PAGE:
Cephas and Ortitay introduce bipartisan legislation to ‘ban-the-box’ on applications for public colleges and universities
In their ongoing efforts to eliminate obstacles and create higher education opportunities to those who need them most, state Reps. Morgan Cephas, D-Phila., and Jason Ortitay, R-Allegheny/Washington, today introduced legislation to “ban-the-box” on applications for public colleges and universities.
“How do we expect those who paid their debt to society to move forward and better themselves if we allow their criminal past to dictate their future? This reality is especially true in our Black and brown communities,” Cephas said. “Banning the box adds to my fight for real criminal justice reform. It would encourage not discourage formerly incarcerated individuals from wanting to go to college, earn a degree, and enter the workforce with the skills they need to land a good-paying job to support themselves and their family, while significantly decreasing their chances of recidivism.”
During a virtual news conference, Cephas and Ortitay discussed their bipartisan effort (H.B. 2952) that would prevent public colleges or universities in Pennsylvania from inquiring about a student's criminal history, with the exception of certain criminal offenses, on the initial applications or at any other time during the admissions process.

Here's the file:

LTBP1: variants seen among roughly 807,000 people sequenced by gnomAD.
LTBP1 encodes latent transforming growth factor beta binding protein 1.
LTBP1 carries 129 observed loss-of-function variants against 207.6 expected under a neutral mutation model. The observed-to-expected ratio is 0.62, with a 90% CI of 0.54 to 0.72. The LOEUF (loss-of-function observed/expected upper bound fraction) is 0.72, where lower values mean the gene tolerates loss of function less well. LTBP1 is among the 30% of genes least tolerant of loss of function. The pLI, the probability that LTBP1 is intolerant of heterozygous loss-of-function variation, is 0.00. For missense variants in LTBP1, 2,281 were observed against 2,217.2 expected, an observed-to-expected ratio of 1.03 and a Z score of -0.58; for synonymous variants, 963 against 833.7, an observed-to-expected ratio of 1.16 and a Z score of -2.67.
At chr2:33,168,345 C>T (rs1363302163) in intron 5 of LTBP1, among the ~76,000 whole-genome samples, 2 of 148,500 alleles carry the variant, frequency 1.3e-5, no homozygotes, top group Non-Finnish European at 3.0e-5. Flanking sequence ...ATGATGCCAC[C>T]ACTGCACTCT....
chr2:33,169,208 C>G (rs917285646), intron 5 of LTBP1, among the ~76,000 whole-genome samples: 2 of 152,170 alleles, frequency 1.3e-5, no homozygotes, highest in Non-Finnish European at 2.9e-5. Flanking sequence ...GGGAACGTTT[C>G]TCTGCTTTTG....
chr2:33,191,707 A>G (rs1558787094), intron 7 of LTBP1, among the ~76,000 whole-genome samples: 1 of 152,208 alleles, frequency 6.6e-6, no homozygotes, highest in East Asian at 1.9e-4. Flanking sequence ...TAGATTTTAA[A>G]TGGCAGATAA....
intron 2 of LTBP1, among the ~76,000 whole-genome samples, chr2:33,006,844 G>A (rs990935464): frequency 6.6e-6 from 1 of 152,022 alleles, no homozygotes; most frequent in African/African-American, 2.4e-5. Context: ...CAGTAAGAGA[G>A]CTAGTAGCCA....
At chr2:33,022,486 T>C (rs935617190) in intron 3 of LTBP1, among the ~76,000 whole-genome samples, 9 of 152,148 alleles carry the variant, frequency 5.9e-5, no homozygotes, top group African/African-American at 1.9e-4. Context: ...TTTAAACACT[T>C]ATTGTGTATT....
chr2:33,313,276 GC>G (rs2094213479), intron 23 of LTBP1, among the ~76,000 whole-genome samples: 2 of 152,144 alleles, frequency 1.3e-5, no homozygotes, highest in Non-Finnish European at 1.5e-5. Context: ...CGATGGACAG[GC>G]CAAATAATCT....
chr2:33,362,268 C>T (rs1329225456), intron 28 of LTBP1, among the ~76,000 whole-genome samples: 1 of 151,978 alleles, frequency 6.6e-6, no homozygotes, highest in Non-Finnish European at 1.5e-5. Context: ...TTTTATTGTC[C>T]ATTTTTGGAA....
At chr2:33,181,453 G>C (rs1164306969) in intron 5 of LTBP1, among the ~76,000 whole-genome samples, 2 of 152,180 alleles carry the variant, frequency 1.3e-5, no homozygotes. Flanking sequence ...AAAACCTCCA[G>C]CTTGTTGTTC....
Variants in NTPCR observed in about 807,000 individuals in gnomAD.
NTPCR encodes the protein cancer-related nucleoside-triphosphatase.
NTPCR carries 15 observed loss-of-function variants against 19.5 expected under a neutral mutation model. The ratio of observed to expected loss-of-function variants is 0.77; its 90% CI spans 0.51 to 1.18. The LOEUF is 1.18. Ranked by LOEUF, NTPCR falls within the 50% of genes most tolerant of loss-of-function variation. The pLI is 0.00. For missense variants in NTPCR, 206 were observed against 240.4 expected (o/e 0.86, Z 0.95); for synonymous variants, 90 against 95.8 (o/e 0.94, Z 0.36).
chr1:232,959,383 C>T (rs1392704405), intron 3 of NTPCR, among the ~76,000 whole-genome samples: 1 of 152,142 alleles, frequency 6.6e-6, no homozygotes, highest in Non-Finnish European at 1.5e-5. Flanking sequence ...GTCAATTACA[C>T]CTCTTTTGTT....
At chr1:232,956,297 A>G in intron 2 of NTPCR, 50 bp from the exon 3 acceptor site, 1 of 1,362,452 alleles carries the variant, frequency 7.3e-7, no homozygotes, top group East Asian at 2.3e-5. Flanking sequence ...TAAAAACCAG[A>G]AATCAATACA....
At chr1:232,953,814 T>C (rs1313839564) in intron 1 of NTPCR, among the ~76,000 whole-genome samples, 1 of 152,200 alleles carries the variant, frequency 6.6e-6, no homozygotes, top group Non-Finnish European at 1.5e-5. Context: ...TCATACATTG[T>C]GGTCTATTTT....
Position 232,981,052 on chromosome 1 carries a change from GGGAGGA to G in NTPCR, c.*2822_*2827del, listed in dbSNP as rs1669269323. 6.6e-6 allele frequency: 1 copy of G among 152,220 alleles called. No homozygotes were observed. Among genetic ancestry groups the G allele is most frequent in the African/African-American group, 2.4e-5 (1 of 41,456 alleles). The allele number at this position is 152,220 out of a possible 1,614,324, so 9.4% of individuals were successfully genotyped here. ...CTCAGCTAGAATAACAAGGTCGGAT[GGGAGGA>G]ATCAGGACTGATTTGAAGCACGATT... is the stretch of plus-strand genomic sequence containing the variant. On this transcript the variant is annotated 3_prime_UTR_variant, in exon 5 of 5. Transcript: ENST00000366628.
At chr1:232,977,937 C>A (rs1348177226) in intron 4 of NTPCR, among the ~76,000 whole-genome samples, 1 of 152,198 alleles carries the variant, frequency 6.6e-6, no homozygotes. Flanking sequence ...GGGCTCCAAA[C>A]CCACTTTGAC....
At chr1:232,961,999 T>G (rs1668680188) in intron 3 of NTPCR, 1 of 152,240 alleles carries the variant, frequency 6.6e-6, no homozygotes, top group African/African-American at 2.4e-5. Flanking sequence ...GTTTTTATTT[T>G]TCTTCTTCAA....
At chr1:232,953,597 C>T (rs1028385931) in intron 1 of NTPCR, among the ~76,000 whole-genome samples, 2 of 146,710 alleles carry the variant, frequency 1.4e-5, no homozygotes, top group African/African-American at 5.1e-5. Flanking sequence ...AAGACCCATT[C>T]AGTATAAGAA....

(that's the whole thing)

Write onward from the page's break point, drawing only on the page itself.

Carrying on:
Under their legislation, after a student has been accepted, the university may make such inquiries for the purpose of offering supportive counseling and services, and for making decisions relative to the student’s participation in campus life and determining if the institution will limit such participation.
“Studies have shown that students with a criminal history do not engage in more criminal activity at college than those entering with a clean record,” Ortitay said. “We need to be creating opportunities for college admission instead of erecting barriers. I do recognize that some violent crimes should be disclosed, and colleges should be able to institute safeguards that will allow students to gain a degree and protect public safety at the same time. This legislation strikes that balance.”
“As a formerly incarcerated individual and now a student at Penn State, I know the challenges individuals with a criminal record face when trying to apply for higher education,” said Divine Lipscomb, who plays a role in the Student’s Restorative Justice Initiative at Penn State University. “We need to end the narrative of once a criminal, always a criminal. I commend Representatives Cephas and Ortitay for working together to provide people with the tools they need to move forward and grow.”
The event also featured advocates from Community Legal Services, Americans for Prosperity, Prisons to Professionals, and ReEntry Think Tank.
Other local and national organizations that support the effort include People’s Paper Co-op, Operation Restoration, and UnLock Higher Ed.